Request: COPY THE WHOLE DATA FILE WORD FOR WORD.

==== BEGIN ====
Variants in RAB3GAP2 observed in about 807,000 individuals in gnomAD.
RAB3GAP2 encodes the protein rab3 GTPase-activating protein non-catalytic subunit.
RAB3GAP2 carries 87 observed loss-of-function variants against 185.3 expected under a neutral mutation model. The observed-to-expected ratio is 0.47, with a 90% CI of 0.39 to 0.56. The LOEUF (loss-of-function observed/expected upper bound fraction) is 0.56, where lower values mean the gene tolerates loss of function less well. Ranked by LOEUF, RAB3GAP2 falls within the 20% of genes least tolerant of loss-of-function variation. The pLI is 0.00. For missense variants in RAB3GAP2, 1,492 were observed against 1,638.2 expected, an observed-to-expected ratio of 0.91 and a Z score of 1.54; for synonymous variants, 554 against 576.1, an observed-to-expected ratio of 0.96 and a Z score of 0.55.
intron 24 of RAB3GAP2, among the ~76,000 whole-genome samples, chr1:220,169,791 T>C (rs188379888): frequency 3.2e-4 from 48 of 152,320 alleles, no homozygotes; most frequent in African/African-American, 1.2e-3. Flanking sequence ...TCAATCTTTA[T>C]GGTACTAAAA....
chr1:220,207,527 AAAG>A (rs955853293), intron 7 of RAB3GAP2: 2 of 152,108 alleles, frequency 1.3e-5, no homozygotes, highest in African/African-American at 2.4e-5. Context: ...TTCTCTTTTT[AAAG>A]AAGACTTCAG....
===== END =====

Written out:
Variants in RAB3GAP2 observed in about 807,000 individuals in gnomAD.
RAB3GAP2 encodes the protein rab3 GTPase-activating protein non-catalytic subunit.
RAB3GAP2 carries 87 observed loss-of-function variants against 185.3 expected under a neutral mutation model. The observed-to-expected ratio is 0.47, with a 90% CI of 0.39 to 0.56. The LOEUF (loss-of-function observed/expected upper bound fraction) is 0.56, where lower values mean the gene tolerates loss of function less well. Ranked by LOEUF, RAB3GAP2 falls within the 20% of genes least tolerant of loss-of-function variation. The pLI is 0.00. For missense variants in RAB3GAP2, 1,492 were observed against 1,638.2 expected, an observed-to-expected ratio of 0.91 and a Z score of 1.54; for synonymous variants, 554 against 576.1, an observed-to-expected ratio of 0.96 and a Z score of 0.55.
intron 24 of RAB3GAP2, among the ~76,000 whole-genome samples, chr1:220,169,791 T>C (rs188379888): frequency 3.2e-4 from 48 of 152,320 alleles, no homozygotes; most frequent in African/African-American, 1.2e-3. Flanking sequence ...TCAATCTTTA[T>C]GGTACTAAAA....
chr1:220,207,527 AAAG>A (rs955853293), intron 7 of RAB3GAP2: 2 of 152,108 alleles, frequency 1.3e-5, no homozygotes, highest in African/African-American at 2.4e-5. Context: ...TTCTCTTTTT[AAAG>A]AAGACTTCAG....